By Hanan Greenwood
An analysis of Israeli rabbinical-court activity in 2020 finds that despite increased tensions due to coronavirus-spurred nationwide lockdowns and other restrictions, the Jewish state saw a slight decrease in divorces and family disputes last year.
With the outbreak of the pandemic, many commentators and family counselors predicted Israel’s first lockdown—and the stress of being holed up in cramped quarters for weeks—would lead to a dramatic increase in family crises and raise the divorce rate.
But data collected from the rabbinical courts show that the number of couples who sought a divorce in 2020 was in fact three percent lower than those who did so the previous year. In 2020, 11,076 couples were divorced through rabbinical courts, compared to the 11,451 in 2019.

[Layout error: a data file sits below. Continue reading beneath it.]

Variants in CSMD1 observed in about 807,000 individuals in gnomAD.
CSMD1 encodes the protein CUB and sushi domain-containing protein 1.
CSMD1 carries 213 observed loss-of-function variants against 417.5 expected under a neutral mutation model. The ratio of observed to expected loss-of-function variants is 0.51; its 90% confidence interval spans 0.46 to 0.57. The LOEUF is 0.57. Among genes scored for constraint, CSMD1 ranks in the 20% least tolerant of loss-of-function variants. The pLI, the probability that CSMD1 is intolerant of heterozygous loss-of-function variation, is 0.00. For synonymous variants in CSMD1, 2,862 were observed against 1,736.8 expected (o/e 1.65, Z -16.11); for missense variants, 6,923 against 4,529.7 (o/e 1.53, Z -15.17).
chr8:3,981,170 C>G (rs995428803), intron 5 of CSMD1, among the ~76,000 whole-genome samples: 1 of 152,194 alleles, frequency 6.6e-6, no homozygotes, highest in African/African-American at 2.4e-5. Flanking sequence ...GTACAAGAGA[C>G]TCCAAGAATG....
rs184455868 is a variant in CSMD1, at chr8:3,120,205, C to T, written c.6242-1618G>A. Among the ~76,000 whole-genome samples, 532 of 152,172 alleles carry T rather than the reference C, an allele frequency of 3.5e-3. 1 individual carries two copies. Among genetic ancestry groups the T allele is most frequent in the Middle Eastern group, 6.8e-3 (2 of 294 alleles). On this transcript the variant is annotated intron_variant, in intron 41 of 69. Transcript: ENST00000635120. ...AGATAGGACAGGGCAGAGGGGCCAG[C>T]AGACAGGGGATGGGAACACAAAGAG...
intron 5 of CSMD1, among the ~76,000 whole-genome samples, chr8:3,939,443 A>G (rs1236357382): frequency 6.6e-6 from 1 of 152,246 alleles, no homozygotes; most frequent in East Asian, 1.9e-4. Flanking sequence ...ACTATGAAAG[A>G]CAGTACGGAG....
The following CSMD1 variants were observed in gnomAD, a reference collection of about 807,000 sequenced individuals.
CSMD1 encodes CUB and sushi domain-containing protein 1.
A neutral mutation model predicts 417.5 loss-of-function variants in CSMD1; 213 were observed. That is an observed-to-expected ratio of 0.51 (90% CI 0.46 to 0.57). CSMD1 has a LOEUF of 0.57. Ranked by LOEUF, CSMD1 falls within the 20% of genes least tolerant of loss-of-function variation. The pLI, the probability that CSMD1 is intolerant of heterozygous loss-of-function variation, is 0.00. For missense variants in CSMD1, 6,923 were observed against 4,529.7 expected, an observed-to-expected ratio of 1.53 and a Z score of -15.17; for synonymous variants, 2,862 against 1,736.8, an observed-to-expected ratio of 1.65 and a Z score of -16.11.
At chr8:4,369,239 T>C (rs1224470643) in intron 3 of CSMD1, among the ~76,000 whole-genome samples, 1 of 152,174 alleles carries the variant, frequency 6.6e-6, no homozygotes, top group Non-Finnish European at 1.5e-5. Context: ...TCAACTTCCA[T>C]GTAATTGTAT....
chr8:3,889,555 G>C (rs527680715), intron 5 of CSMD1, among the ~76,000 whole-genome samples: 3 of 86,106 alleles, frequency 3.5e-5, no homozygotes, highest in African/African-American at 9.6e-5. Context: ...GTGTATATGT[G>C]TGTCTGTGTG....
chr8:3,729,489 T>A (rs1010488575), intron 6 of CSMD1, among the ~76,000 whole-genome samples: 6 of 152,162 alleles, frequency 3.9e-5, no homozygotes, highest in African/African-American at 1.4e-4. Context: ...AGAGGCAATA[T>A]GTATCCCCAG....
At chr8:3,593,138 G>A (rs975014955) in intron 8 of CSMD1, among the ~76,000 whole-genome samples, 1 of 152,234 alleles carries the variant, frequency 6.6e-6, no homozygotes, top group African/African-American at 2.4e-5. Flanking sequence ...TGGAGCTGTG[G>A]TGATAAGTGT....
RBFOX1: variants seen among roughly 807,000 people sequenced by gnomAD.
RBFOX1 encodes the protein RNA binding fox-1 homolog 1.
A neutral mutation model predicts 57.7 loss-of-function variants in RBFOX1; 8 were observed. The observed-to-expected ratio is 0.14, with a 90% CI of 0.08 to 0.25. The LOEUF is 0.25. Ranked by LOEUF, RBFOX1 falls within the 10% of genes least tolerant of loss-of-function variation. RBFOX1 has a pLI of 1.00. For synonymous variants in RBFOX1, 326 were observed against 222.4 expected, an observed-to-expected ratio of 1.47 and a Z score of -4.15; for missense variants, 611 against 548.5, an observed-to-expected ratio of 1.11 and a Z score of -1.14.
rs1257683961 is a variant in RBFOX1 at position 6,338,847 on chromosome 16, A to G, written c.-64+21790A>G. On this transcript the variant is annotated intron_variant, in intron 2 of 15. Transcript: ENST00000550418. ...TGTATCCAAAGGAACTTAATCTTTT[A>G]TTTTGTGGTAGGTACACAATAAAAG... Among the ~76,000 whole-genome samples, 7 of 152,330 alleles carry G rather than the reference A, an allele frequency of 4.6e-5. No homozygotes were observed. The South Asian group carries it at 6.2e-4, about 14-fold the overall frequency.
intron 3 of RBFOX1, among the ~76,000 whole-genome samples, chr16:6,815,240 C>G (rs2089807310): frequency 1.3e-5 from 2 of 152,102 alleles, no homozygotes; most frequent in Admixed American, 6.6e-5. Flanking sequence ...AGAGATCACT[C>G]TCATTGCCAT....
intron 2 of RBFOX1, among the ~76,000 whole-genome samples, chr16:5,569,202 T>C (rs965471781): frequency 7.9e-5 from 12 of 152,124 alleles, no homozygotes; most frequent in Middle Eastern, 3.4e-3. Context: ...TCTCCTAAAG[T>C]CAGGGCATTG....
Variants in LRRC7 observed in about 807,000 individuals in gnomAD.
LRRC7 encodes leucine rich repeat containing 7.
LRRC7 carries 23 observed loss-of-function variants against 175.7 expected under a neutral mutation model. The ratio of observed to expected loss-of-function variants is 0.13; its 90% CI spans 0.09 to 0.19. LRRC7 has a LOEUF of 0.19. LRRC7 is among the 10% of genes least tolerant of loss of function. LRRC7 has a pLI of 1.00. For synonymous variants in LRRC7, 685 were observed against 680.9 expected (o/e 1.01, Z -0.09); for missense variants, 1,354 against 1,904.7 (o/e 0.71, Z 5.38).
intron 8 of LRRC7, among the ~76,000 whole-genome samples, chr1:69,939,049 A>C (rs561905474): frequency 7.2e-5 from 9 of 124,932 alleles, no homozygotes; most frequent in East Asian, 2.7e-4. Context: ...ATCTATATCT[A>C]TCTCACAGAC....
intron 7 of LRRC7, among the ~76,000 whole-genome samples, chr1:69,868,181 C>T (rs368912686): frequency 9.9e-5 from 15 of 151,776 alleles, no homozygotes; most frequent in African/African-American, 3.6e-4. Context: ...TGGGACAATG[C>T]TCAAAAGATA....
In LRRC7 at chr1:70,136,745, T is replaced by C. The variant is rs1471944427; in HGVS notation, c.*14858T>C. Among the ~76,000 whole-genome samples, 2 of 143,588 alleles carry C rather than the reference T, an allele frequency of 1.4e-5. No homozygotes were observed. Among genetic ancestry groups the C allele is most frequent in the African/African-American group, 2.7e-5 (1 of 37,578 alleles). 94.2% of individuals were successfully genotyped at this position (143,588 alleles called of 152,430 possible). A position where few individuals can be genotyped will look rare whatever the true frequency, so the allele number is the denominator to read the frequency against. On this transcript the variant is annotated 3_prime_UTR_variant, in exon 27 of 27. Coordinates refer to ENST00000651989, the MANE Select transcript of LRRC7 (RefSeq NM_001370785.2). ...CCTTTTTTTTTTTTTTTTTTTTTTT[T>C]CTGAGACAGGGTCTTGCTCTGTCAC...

In 2020, 3,852 couples began divorce proceedings, compared to the 4,158 couples who did so in 2019, for a decrease of seven percent.
The number of couples that filed for an uncontested divorce also decreased, by one percent, from 5,701 in 2019 to 5,660 in 2020. There was also a decrease in the number of joint petitions filed for a divorce in 2020, according to the data.
Although on its face, the figures appear to bode well for the state of Israel’s married couples, the decrease in the divorce rate may be partially due to the rabbinical courts operating according to COVID-19 guidelines, which means that their availability and office hours have been reduced.
In addition, many people have avoided government buildings during the pandemic, for fear of infection.
Furthermore, the findings cannot measure the potential for the divorce rate to increase once the pandemic is over. Many couples separated during the outbreak, foregoing technical divorce proceedings.
This article first appeared in Israel Hayom.